Born and raised in Farmington, Conn., Mr. LaChapelle spent many years at the center of pop culture. Dropping out of high school, he moved to New York City and became a busboy at Studio 54. After a year in art school, he returned to New York at 18 and landed his first job with Andy Warhol at Interview Magazine. That launched him into a very successful career in commercial photography. Mr. LaChapelle shot for Vogue and Vanity Fair and directed music videos and commercials for the likes of L'Oréal and Burger King. Celebrities were drawn to his irreverent style.
But a few years ago Mr. LaChapelle felt depleted. "I love glamour, I love fashion. But when that's the sole purpose it becomes very limiting," he says. He struggled to find magazines with an appetite for his increasingly apocalyptic imagery. (Among his darker works: "The House At The End of The World," a photo depicting a woman and a baby in a hurricane-ravaged neighborhood, drew criticism when it was published coincidentally around the same time of Hurricane Katrina.) At the same time, Mr. LaChapelle found himself growing disillusioned with New York, which he says "became 'Sex in the City' and about how many shoes you had."
Long drawn to eastern Maui's remote feel, Mr. LaChapelle found out about the nudist colony while directing a shoot for Motorola and bought the property for $1.5 million in 2006. Moving into one of the modest cabins left by the former owners, Mr. LaChapelle set his designer to work renovating the 5,200-square-foot main house. He felt he'd reached an endpoint with photography and considered becoming a farmer.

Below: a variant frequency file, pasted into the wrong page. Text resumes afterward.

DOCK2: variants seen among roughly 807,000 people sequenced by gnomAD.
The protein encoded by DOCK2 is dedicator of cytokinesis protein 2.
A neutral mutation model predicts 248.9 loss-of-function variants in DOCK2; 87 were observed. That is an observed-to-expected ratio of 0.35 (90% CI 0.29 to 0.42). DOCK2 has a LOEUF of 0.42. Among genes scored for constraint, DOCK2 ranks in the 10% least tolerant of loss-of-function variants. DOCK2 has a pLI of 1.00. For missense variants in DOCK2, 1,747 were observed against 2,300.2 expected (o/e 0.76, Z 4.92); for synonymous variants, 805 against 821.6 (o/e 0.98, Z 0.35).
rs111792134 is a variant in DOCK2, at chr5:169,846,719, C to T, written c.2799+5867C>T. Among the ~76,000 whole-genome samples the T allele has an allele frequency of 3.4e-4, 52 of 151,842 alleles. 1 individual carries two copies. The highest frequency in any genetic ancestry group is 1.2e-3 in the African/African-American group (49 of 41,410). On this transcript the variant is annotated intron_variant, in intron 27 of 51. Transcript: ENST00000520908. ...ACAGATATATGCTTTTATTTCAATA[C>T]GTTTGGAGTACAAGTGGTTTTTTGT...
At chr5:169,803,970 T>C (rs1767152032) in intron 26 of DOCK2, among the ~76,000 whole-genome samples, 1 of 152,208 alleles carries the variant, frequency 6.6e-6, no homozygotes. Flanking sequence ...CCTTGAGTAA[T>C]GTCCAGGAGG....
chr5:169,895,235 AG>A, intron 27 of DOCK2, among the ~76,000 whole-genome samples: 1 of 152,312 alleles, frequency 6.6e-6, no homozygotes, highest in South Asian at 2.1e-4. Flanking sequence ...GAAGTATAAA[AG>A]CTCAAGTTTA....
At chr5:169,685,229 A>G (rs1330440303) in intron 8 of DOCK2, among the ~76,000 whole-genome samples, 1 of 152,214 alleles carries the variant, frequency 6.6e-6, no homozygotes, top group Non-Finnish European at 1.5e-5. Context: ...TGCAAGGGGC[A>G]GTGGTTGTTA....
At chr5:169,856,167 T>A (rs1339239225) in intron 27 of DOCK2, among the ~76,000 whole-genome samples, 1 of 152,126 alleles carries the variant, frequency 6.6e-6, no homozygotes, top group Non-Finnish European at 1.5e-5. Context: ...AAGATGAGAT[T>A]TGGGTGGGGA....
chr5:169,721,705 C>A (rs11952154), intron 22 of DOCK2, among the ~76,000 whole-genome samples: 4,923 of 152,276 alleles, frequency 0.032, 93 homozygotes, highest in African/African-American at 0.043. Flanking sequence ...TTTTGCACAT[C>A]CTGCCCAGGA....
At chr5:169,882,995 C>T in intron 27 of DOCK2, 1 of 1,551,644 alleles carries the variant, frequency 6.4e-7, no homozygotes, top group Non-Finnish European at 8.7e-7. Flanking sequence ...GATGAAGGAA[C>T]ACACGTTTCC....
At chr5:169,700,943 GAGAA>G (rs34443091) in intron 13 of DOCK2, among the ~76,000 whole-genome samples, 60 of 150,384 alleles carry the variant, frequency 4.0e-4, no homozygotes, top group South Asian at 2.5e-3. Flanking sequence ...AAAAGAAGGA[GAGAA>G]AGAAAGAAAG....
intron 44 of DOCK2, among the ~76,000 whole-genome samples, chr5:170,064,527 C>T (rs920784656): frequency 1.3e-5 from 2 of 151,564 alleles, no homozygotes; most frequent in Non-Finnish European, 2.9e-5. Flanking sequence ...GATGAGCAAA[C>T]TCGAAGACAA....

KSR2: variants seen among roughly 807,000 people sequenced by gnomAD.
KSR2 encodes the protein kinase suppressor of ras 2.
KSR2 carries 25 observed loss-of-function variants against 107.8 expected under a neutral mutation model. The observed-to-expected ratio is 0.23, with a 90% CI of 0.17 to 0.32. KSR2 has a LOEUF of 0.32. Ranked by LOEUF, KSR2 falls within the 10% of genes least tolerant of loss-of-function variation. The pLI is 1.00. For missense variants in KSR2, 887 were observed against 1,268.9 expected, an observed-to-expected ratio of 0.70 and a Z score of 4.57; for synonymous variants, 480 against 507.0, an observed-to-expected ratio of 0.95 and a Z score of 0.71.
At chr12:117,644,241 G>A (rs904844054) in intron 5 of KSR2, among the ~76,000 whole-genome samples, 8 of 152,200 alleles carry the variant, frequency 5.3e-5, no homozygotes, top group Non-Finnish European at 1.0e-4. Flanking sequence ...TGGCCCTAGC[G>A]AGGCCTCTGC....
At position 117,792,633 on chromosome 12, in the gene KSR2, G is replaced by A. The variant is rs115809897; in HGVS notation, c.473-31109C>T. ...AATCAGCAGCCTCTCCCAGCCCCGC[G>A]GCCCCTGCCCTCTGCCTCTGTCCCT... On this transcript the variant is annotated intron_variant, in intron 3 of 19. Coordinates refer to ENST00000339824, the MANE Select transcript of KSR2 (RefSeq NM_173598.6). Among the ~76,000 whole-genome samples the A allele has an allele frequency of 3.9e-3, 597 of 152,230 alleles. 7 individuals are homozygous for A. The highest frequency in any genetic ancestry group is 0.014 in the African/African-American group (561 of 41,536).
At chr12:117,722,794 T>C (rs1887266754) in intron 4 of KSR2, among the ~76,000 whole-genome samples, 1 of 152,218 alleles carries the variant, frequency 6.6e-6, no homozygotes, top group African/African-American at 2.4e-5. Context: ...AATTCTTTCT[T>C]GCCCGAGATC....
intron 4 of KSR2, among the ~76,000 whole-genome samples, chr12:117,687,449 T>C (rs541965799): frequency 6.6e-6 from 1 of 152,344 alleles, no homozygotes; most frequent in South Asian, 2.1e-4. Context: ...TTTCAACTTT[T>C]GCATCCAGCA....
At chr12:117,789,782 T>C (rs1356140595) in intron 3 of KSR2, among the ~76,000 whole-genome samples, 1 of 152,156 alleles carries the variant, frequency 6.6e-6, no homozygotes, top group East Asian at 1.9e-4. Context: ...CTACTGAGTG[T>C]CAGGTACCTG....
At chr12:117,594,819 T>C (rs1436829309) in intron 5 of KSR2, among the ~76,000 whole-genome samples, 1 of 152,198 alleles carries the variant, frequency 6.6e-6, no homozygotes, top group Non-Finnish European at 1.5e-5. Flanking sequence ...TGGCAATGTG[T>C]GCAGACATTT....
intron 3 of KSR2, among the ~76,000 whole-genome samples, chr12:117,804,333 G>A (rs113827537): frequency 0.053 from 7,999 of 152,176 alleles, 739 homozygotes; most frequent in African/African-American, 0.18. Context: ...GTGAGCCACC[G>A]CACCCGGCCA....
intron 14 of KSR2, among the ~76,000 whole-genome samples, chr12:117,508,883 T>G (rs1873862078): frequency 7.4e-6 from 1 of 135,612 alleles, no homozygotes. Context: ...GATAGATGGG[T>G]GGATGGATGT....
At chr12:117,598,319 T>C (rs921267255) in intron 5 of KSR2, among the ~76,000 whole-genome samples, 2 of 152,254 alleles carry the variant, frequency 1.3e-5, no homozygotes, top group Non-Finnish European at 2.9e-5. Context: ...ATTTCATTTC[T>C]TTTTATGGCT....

Currently there are about 10 homes for sale in the area, from a $450,000 cottage to larger estates listed for $5 million.
When his manager Fred Torres suggested he start showing in galleries, he says Mr. LaChapelle reacted angrily. "He said, 'Nobody wants to see me, they want to see Britney Spears,' " recalls Mr. Torres.
After his first 90 days in Hawaii, during which it rained constantly, Mr. LaChapelle called Mr. Torres and said he'd reconsidered. They flew to the Sistine Chapel the next week and set to work on his "Deluge" series—a collection of photos depicting floods in Las Vegas (the city of sin), a cathedral and a museum. "Deluge: Musuem," a photograph of four paintings sinking in a flooded museum, fetched $139,240 at Sotheby's London auction in June, nearly three times the November sale prices of Mr. LaChapelle's life-sized portraits of Madonna and Ms Spears.
Living in Hawaii has infused Mr. LaChapelle's work with a new optimism. For a photograph last month, Mr. LaChapelle's team constructed a raft from wooden planks and rusty barrels for a photo inspired by Théodore Géricault's 1819 painting, "The Raft of Medusa," now hanging in the Louvre. In Mr. LaChapelle's version, the sinners he depicted in his Las Vegas flood have cobbled together a raft and, instead of going into the storm, they're sailing into paradise, he says.
"This is Noah's ark," he said, glancing around the great room in main house while a friend and Cirque du Soleil veteran named Jesus Villa did handstands on the kitchen counter. "It's totally off the grid."
Corrections & Amplifications A Hawaiian property owned by photographer David LaChapelle is in east Maui. A previous version of this article incorrectly said it was in west Maui.
By Hannah Karp